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Vayikra 5768-2008

“Infallibility in Judaism”

by Rabbi Ephraim Buchwald

In this week’s parasha, parashat Vayikra, we are told of the many types of offerings that were brought in the ancient Tabernacle. In Leviticus 4:27, we learn specifically about the “chatat“–the sin offering.

A sin offering was generally brought for a type of trespass, such as drinking blood or eating forbidden fats, which, if violated purposely, would be punishable with “kareit,” excision. However, if done unintentionally, then atonement may be achieved by bringing the chatat sacrifice.

In Leviticus 5:1-4, we are told of others who bring sin offerings: a witness who fails to give testimony, one who contracts impurity and a person who fails to fulfill a vow.

Of all the sin offerings that are mentioned, however, perhaps the most remarkable are the sin offerings that are brought by the leaders of Israel. In Leviticus 4:3, we are told, “Im ha’koh’hayn ha’mah’shee’ach yeh’cheh’tah l’ash’maht hah’am,” if the anointed priest (the High Priest) shall sin and bring guilt on the people, then let him offer for his sin which he has sinned a young bullock without blemish unto the L-rd for a sin offering.

Since an error on the part of the High Priest could easily result in the entire community going astray, the High Priest’s sin offering is immediately followed by the sin offering of the community. The Torah, in Leviticus 4:13, instructs that if the entire Congregation of Israel errs, “V’neh’elam dah’var may’ay’nay ha’kah’hal,” and the thing be hidden from the eyes of its leaders and as a result the entire community sins, the community must bring a young bullock for a sin offering and the elders must place their hands on the young bullock before G-d.

These two sin offerings are followed by the sin offering of the “ruler.” In Leviticus 4:22 we read, “Ah’sher nah’see yeh’cheh’tah,” and when a ruler sins and violates one of the trespasses unintentionally, he too is required to bring a Chatat offering. Our rabbis interpret the word “nah’see,” ruler, as referring to the King of Israel

The remarkable requirement for both the High Priest of Israel and the King of Israel to bring sin offerings virtually defies credulity. These verses actually imply that leaders of Israel, like Moses and Aaron, and prophets like Isaiah, Ezekiel and Jeremiah, and kings like David and Solomon, could, and would, sin. This assumption is especially remarkable since these statements were made at a time when the concept of the “Divine Right of Kings” prevailed widely among other nations. No one would dare challenge the authority of Alexander the Great, the legitimacy of the Caesar of Rome or the omniscience of the Pope in the Vatican, and yet, our Torah not only suggests, but implies that our leaders will be fallible and sinful and must atone for their violations.

The commentators suggest a unique interpretation for the word “asher” that appears in Leviticus 4:22, regarding the ruler who sins. Rather than using the usual word “v’eem“–”if” that appears in the three other passages, the verse reads, “Ah’sher nah’see yeh’cheh’tah,” meaning, when a ruler sins, implying that sin is inevitable for the ruler.

Sforno (Obadiah ben Jacob, 1470-1550, Italian Bible commentator) suggests that powerful and wealthy people are more likely to sin than others. Therefore, states the Soforno, the verse concludes with the word “v’ah’shaym,” and become guilty, because it is essential that powerful people acknowledge and feel remorse for their sin, lest they continue to sin.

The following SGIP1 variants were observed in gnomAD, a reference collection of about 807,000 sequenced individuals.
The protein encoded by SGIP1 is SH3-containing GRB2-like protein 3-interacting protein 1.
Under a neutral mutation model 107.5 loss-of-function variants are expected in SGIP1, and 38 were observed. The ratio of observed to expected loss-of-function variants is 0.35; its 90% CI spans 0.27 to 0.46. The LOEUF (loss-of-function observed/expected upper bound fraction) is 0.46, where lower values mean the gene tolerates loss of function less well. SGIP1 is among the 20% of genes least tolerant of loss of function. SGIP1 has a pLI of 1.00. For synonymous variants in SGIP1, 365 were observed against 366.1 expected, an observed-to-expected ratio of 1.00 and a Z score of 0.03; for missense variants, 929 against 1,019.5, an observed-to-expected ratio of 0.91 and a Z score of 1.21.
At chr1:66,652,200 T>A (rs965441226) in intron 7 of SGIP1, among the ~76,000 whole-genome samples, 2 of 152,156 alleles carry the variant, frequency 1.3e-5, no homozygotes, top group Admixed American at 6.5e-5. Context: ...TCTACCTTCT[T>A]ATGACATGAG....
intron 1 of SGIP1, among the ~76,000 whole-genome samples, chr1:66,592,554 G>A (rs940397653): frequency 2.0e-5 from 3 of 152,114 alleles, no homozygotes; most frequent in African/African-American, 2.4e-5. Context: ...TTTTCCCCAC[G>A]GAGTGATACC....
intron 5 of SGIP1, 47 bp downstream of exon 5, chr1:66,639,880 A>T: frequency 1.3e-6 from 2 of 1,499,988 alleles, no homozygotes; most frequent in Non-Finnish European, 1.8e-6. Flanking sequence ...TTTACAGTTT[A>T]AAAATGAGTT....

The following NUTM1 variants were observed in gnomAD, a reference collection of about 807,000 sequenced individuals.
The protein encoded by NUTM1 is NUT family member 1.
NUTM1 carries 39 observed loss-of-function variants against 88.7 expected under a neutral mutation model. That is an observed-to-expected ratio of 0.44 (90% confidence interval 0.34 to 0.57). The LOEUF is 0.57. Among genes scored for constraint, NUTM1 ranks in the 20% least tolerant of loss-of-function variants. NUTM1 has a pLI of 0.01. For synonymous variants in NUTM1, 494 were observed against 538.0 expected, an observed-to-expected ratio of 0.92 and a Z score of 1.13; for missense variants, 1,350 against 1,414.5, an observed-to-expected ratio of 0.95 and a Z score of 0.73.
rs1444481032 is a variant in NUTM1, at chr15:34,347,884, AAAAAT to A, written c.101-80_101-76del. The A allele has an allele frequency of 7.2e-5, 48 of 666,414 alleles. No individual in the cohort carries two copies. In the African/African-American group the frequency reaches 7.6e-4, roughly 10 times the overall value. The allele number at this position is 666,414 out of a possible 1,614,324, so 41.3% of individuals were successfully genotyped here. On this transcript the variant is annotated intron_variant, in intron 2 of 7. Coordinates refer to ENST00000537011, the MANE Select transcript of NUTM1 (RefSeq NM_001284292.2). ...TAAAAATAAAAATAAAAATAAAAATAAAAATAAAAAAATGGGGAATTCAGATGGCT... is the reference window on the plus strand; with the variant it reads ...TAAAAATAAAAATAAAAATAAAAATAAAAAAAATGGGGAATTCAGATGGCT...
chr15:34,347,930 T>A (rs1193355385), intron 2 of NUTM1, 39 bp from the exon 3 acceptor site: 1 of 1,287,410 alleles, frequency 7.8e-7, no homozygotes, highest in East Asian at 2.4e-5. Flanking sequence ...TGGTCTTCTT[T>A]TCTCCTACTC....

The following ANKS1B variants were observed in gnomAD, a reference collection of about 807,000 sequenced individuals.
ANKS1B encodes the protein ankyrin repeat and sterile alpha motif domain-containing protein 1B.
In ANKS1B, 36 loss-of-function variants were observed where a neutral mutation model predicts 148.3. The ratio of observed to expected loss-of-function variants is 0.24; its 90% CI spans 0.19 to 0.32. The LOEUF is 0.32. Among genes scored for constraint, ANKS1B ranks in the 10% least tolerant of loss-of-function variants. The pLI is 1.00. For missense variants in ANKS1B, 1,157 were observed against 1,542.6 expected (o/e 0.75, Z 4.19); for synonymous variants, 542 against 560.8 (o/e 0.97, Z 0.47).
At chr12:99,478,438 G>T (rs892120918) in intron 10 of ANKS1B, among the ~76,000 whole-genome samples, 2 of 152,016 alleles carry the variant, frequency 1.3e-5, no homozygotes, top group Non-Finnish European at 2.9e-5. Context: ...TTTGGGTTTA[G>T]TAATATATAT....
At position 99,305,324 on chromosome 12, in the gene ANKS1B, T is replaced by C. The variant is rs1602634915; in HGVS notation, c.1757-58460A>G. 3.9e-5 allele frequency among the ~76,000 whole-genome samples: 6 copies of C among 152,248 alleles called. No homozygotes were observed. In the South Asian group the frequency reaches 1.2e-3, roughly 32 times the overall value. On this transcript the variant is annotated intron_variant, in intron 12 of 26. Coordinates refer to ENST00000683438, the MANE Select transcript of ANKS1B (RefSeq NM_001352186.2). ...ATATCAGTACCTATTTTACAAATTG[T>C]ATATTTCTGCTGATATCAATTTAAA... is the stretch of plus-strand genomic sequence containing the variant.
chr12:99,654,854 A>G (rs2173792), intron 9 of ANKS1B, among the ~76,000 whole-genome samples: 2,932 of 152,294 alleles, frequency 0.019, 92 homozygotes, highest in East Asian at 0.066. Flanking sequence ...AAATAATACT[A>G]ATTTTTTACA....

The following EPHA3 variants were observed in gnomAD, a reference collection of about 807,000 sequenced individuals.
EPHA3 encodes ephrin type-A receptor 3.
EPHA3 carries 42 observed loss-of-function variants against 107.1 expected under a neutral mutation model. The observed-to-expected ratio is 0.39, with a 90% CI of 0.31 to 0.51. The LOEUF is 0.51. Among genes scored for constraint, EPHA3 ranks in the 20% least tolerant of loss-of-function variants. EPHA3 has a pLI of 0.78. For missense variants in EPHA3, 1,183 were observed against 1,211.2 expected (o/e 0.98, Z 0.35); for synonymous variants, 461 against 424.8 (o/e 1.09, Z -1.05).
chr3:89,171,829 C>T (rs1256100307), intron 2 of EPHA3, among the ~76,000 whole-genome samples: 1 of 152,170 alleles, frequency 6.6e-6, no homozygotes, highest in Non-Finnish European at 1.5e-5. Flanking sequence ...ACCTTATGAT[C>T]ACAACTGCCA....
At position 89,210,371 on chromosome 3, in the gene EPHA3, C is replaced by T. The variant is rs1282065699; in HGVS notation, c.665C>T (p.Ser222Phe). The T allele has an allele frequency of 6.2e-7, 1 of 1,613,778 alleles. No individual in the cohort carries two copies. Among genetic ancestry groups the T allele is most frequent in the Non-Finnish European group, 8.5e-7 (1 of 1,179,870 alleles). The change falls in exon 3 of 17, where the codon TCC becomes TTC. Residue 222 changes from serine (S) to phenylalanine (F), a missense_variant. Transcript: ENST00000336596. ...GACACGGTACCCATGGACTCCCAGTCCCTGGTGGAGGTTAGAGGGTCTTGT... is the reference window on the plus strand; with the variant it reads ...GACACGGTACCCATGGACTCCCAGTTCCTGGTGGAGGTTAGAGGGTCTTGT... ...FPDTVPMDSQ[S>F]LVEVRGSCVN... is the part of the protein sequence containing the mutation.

In Judaism, only G-d is regarded as infallible.

Unfortunately, contemporary attempts to ascribe infallibility to Jewish leaders, past and present, have become popular and have gotten completely out of hand. Today it is possible to find various groups ascribing infallibility to the patriarchs and other biblical figures, to the Talmudic sages or the medieval commentators, and even to contemporary chassidic rabbis as well as members of the Moetzes Gedolai Yisrael, contemporary sages of various Jewish groups in Israel and the diaspora. This practice strays from mainstream Judaism and has already wreaked havoc with the common people, especially when some present-day leaders and so-called “sages” are charged with unseemly public behavior, such as financial shenanigans and allegations of sexual impropriety.

It is to this end that Rashi (Rabbi Shlomo Yitzchaki, 1040-1105, foremost commentator on the Bible) in Leviticus 4:22 interprets the word “Ah’sher” in the verse “Ah’sher nah’see yeh’cheh’tah,” when a ruler sins, as an allusion to the word “ash’ray,” meaning good fortune: How fortunate is the generation whose prince publically confesses a sin committed by him in error, for how much more would he do so in the case of a deliberate sin.

Judaism recognizes mortal fallibility as one of the challenges of life. That is why even the great Moses sinned and was punished. That is why Judah, who was a sinner, was chosen to lead the twelve tribes of Israel, rather than Joseph who displayed superhuman character to withstand the constant temptations of Mrs. Potiphar. Judaism believes in realistic leaders, leaders who sometimes sin, but who are able to rise above their sins and repent. Such leaders, although fallible, can serve as realistic role models and convey the importance of personal growth and self-improvement as fundamental principles of Jewish life.

May you be blessed.

This Shabbat is known as Shabbat Parashat Zachor. It is the second of four special Shabbatot that surround the holiday of Purim. On this Shabbat, a thematic Torah portion about remembering Amalek is read from Deuteronomy 25:17-19. It is considered by most authorities to be a positive commandment for both men and women to hear this particular Torah reading recited in the synagogue.